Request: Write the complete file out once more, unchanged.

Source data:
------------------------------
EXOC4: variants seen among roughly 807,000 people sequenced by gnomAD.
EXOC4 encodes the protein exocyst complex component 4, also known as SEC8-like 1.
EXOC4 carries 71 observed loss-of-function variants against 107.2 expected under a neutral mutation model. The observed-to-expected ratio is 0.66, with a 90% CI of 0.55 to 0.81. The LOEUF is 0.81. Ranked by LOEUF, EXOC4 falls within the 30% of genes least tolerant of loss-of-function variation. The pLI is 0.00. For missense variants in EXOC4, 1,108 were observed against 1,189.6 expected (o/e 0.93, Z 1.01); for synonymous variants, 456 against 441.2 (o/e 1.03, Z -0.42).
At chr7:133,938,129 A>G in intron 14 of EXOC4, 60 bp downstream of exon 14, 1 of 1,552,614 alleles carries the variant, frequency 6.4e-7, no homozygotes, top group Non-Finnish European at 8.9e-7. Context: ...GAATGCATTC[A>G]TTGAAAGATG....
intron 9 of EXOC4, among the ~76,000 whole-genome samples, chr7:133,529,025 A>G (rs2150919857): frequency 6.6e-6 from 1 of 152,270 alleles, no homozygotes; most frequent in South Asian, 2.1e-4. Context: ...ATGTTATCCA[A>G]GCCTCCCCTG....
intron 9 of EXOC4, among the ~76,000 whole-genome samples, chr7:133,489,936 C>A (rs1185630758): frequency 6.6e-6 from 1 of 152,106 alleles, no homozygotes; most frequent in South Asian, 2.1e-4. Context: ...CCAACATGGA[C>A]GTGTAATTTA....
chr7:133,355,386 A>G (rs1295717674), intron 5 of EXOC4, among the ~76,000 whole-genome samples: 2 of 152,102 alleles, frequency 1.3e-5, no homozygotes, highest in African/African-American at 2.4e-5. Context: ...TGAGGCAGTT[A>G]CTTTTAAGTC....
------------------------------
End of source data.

EXOC4: variants seen among roughly 807,000 people sequenced by gnomAD.
EXOC4 encodes the protein exocyst complex component 4, also known as SEC8-like 1.
EXOC4 carries 71 observed loss-of-function variants against 107.2 expected under a neutral mutation model. The observed-to-expected ratio is 0.66, with a 90% CI of 0.55 to 0.81. The LOEUF is 0.81. Ranked by LOEUF, EXOC4 falls within the 30% of genes least tolerant of loss-of-function variation. The pLI is 0.00. For missense variants in EXOC4, 1,108 were observed against 1,189.6 expected (o/e 0.93, Z 1.01); for synonymous variants, 456 against 441.2 (o/e 1.03, Z -0.42).
At chr7:133,938,129 A>G in intron 14 of EXOC4, 60 bp downstream of exon 14, 1 of 1,552,614 alleles carries the variant, frequency 6.4e-7, no homozygotes, top group Non-Finnish European at 8.9e-7. Context: ...GAATGCATTC[A>G]TTGAAAGATG....
intron 9 of EXOC4, among the ~76,000 whole-genome samples, chr7:133,529,025 A>G (rs2150919857): frequency 6.6e-6 from 1 of 152,270 alleles, no homozygotes; most frequent in South Asian, 2.1e-4. Context: ...ATGTTATCCA[A>G]GCCTCCCCTG....
intron 9 of EXOC4, among the ~76,000 whole-genome samples, chr7:133,489,936 C>A (rs1185630758): frequency 6.6e-6 from 1 of 152,106 alleles, no homozygotes; most frequent in South Asian, 2.1e-4. Context: ...CCAACATGGA[C>A]GTGTAATTTA....
chr7:133,355,386 A>G (rs1295717674), intron 5 of EXOC4, among the ~76,000 whole-genome samples: 2 of 152,102 alleles, frequency 1.3e-5, no homozygotes, highest in African/African-American at 2.4e-5. Context: ...TGAGGCAGTT[A>G]CTTTTAAGTC....